Improved Core Strength
Core strength is the foundation of many dance movements. A strong core not only enhances balance and stability but also contributes to the fluidity and control of dance sequences. Historically, core training in dance classes has consisted of mostly spinal flexion movements such as abdominal crunches, however most dance style use bracing, rotation, extension and side flexion much more. A well-designed S&C programme will challenge the core in a variety of ways to allow dancers to maintain dynamic stability and enhance the ability to execute complex movements with precision. Strength training will also work both the inner core unit (deep postural stability) and outer core unit (larger torso movements) to enable the dancer to have precision and control through slow movements such as a Cambré (back bend), or explosive movements such at a Grande Jeté (split leap). You can easily spot dancers who have expert control over their core as they will move with distinct grace, smoothness and command of their bodies!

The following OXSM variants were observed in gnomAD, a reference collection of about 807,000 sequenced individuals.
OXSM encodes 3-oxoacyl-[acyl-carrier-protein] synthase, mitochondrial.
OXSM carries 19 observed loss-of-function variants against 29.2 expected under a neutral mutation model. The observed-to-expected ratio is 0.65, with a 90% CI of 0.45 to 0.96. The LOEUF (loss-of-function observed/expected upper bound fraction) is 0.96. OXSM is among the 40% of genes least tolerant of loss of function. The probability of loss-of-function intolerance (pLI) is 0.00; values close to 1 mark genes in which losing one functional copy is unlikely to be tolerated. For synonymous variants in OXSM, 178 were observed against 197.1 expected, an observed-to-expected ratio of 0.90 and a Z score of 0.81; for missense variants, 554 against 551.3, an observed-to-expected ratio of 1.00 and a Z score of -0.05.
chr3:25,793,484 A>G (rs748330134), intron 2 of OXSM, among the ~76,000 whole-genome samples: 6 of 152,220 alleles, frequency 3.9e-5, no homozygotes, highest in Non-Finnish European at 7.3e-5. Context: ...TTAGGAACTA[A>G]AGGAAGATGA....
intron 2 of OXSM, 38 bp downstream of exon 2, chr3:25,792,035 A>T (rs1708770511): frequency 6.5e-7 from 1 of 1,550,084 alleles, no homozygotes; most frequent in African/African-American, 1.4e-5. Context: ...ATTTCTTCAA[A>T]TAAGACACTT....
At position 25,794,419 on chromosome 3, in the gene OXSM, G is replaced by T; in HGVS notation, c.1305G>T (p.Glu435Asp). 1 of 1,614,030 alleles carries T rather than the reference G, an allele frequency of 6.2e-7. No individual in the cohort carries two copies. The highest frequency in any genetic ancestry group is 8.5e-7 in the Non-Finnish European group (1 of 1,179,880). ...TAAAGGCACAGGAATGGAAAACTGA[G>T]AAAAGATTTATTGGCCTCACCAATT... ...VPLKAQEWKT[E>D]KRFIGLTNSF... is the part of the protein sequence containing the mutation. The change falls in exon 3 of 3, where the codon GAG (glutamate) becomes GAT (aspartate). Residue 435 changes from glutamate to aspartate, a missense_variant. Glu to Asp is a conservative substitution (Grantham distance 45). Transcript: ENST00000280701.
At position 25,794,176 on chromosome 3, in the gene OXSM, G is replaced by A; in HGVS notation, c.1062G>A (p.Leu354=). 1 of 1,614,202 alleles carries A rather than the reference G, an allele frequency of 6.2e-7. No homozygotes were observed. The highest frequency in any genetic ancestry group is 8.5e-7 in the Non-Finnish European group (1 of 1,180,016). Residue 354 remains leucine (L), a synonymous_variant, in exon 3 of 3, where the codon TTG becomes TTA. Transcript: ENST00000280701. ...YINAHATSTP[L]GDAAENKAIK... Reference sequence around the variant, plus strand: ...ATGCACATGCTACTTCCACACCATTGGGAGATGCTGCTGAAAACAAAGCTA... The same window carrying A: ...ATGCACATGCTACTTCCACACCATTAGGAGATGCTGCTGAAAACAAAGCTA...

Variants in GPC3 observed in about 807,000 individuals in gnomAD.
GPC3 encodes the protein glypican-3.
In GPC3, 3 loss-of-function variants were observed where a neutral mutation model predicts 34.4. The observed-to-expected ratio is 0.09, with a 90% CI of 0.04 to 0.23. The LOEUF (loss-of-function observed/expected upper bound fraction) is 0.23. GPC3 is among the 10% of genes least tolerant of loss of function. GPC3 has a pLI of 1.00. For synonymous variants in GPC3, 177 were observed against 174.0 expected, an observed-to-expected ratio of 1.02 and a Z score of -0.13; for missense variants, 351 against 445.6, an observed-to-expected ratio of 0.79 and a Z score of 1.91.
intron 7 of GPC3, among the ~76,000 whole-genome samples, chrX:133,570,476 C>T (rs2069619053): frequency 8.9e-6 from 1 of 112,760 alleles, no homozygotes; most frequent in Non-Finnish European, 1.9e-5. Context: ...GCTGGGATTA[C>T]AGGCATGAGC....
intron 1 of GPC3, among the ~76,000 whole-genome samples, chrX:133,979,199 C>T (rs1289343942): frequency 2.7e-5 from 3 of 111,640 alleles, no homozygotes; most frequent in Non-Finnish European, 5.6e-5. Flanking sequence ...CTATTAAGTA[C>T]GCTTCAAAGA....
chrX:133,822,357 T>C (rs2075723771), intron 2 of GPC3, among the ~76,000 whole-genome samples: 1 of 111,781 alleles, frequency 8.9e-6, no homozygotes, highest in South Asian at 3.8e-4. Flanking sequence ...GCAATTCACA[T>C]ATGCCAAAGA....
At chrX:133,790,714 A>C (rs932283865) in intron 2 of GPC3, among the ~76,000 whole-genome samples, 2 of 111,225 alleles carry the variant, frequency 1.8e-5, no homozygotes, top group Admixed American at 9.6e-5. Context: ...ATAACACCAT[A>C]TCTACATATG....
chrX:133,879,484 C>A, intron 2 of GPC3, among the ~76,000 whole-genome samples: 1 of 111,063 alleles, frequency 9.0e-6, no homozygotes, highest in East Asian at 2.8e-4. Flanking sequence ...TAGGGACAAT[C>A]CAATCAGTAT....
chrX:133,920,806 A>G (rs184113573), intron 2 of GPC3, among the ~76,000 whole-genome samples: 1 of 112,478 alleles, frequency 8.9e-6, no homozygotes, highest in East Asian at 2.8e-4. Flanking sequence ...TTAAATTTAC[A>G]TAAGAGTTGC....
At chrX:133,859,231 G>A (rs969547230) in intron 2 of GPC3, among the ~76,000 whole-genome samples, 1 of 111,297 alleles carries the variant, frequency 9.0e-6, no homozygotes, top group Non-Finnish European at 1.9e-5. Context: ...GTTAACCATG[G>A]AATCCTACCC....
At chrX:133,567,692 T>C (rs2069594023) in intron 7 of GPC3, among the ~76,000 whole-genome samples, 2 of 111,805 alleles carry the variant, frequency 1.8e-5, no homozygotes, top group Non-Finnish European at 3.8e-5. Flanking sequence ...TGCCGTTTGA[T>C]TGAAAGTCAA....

Enhanced Flexibility and Range of Motion
Contrary to a common misconception, strength training does not compromise flexibility; in fact, it can enhance it. When combined with proper stretching routines, strength and conditioning exercises can improve a dancer’s overall flexibility and range of motion. Increased muscle strength supports greater joint stability, allowing dancers to achieve more extended lines and dynamic movements while minimizing the risk of hyperextension injuries common to dancers. Strength and Conditioning programmes can also help to increase your degree of ‘functional mobility’, this being the range of motion you can achieve actively rather than when passively stretching. For example, a dancer may be able to lift their leg up to the side with their hand to achieve an impressive range of motion, however, when they lift the leg in a controlled movement such as a Développé without the support of their hand, can they retain the same range of motion by purely using their muscles to achieve the movement? If the answer is no, then they may need to work on their functional mobility, improving strength to be able to utilise their flexibility to the maximum during choreography.
Generality vs Specificity